Did you hear this NPR story on what they call an emerging new genre in fiction---Cli Fi, or fiction around issues of climate change?
Meeting at some point between science fiction, apocalyptic fiction, thriller, and contemporary fiction, these books take some of today's predictions and warnings about climate change and extrapolate. With Earth Day and the weather on many people's minds these days, it might be time to try one of these reads. They range from thought-provoking to thrilling!
No, the extra "a" is not a typo. "Eaarth" refers to planet earth as our atmosphere heats up and changes due to a buildup of greenhouse gases (CO2). These gases are a byproduct of burning fossil fuels (gas, oil, and coal) and their effect on our planet are soberly laid out in Eaarth: Making a Life on a Tough New Planet (2010).
Eaarth may be three years old but its message and forecasts sound like tornado warning sirens. By presenting myriad evidence of climate changes already underway McKibben describes the consequences of our 150+ year history of burning fossil fuels. Last year in Colorado we experienced the Waldo Canyon Fire on the edge of Colorado Springs, the High Park Fire outside of Ft. Collins, and severe drought conditions throughout much of the state. 2012 was the hottest year on the planet in human history!
I naively used to think that writers of short stories and essays simply didn't have enough good material to fill a traditional book. Fortunately some great teachers, and exposure to some of the best writers in the field, showed me the incredible art of short form writing.
The beauty of short works has become even more apparent as I've read too many books lately where I'm left feeling like a shorter essay or short story would've been more powerful. Often (like my college papers) they had a few great things to say but had used filler to make it fit a length requirement. As print magazines, the previous bastion of short form, are shutting their doors, I'm encouraged to see new outlets such as Kindle Singles and Ted Talks remind people that brevity can be a virtue.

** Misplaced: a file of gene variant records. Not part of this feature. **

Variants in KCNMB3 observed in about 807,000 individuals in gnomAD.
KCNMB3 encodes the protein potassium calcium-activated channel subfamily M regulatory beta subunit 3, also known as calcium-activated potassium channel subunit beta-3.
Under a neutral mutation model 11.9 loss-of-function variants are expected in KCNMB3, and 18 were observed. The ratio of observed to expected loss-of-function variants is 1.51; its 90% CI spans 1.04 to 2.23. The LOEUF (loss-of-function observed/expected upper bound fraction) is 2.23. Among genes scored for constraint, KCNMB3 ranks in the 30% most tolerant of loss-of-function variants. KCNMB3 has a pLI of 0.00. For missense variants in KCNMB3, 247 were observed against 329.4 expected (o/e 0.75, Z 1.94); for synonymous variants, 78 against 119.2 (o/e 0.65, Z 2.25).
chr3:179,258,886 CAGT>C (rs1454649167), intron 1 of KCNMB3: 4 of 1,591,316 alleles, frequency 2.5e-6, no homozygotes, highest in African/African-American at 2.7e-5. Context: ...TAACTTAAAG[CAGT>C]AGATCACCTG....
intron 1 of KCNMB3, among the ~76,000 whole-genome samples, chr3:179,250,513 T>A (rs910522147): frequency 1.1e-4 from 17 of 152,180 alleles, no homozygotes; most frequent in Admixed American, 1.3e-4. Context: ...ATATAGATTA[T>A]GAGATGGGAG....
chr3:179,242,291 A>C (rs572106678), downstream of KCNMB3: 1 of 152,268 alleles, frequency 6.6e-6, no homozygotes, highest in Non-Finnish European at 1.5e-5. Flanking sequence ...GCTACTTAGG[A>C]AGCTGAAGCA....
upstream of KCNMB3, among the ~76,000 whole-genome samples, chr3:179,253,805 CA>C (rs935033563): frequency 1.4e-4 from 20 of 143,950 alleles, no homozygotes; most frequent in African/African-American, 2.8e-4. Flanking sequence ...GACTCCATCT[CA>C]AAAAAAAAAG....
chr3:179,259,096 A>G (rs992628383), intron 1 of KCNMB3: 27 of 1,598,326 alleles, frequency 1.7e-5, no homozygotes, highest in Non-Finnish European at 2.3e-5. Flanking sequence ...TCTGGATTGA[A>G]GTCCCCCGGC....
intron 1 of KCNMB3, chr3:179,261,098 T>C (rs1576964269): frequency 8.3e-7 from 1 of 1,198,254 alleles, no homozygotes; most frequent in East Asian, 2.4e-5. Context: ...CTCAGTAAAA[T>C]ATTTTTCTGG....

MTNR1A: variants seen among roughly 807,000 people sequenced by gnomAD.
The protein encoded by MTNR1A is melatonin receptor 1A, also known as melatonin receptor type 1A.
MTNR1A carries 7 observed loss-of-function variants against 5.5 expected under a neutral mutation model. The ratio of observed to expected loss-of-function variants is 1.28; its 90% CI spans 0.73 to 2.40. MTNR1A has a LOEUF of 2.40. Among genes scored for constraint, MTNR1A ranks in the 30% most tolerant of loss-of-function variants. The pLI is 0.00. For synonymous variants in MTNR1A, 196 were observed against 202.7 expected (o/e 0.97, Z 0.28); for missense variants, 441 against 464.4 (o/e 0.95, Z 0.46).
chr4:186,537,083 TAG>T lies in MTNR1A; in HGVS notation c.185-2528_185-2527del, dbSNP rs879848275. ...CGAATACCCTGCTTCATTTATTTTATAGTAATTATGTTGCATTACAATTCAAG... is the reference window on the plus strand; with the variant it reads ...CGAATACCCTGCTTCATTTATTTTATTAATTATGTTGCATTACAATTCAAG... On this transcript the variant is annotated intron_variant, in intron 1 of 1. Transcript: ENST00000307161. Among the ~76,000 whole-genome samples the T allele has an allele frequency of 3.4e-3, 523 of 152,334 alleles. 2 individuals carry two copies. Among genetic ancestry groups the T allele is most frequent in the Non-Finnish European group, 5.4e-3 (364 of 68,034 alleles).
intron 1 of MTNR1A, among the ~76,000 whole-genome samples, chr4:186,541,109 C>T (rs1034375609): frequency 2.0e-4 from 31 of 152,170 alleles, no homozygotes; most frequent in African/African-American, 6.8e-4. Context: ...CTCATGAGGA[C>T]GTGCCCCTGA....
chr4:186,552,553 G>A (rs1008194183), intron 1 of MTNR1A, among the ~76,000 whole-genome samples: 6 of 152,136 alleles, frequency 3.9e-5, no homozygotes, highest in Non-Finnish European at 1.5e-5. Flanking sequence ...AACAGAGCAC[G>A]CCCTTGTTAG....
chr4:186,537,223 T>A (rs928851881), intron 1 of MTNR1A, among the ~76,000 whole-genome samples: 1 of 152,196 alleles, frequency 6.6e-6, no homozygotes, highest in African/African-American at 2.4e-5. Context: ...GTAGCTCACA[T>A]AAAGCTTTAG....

Born in Pabianice, Poland in 1929, Jack Adler and his family were swept into the terror of the Nazi concentration camps. His parents and four siblings all perished at the hands of the Nazis. In his powerful and inspiring firsthand account, Y: A Holocaust Narrative, Jack (Yacob) tells his story and describes his struggle to survive, overcome and regain a sense of joy about being alive.
The International Bank of Bob is the inspiring memoir of an ordinary American who turned his brief brush with opulence into a joyful adventure of investing in the world's working poor (from the jacket).
Bob Harris, hired by ForbesTraveler.com to review some of the most luxurious accommodations on Earth, was inspired by a chance encounter in Dubai with the impoverished workers whose backbreaking jobs create such opulence. He writes, "My Forbes Traveler cash would be about $20,000... I needed to do something good with it." He then started a list of what he hoped he could do with the money.
Help poverty in 3rd world (at least a little)
Help build an economy, not fix emergencies. Long-term, not short
April is National Poetry Month, and April 18 is Poem in Your Pocket Day!
What does that mean? Celebrate poetry by carrying a favorite poem with you all day and sharing it with family, friends, and coworkers! Need ideas for poems to share? There are a few places you can go for inspiration:
Poets.org has a web page dedicated to Poem in Your Pocket Day. There are poems on the site that you can download and print for your pockets, along with other great resources about poets and poetry!
This year’s Denver Public School K-8 2D Art Exhibition will be on Level 5 in the Western History Gallery from April 5 through April 25. Come to the library and check out the wonderfully creative drawings, paintings and more.
While you’re here you might get inspiration for your own art project or something to try with your children.
For more inspiration check out these books about art and artists:
The DPL system wide LEGO contest has come to an end with four fantastic winners selected. Each of the participating locations selected branch winners, whom all met at the Central Library for the final judging and some LEGO themed fun.
We played LEGO bingo, skee-ball and decorated bookmarks with LEGO bricks!
Thanks to all that participated! And thanks to The Tattered Cover, Chipotle, Jolyon Yates and the Colorado Mills LEGO Store for providing our prizes.
Check out the books that the winning entries were based on: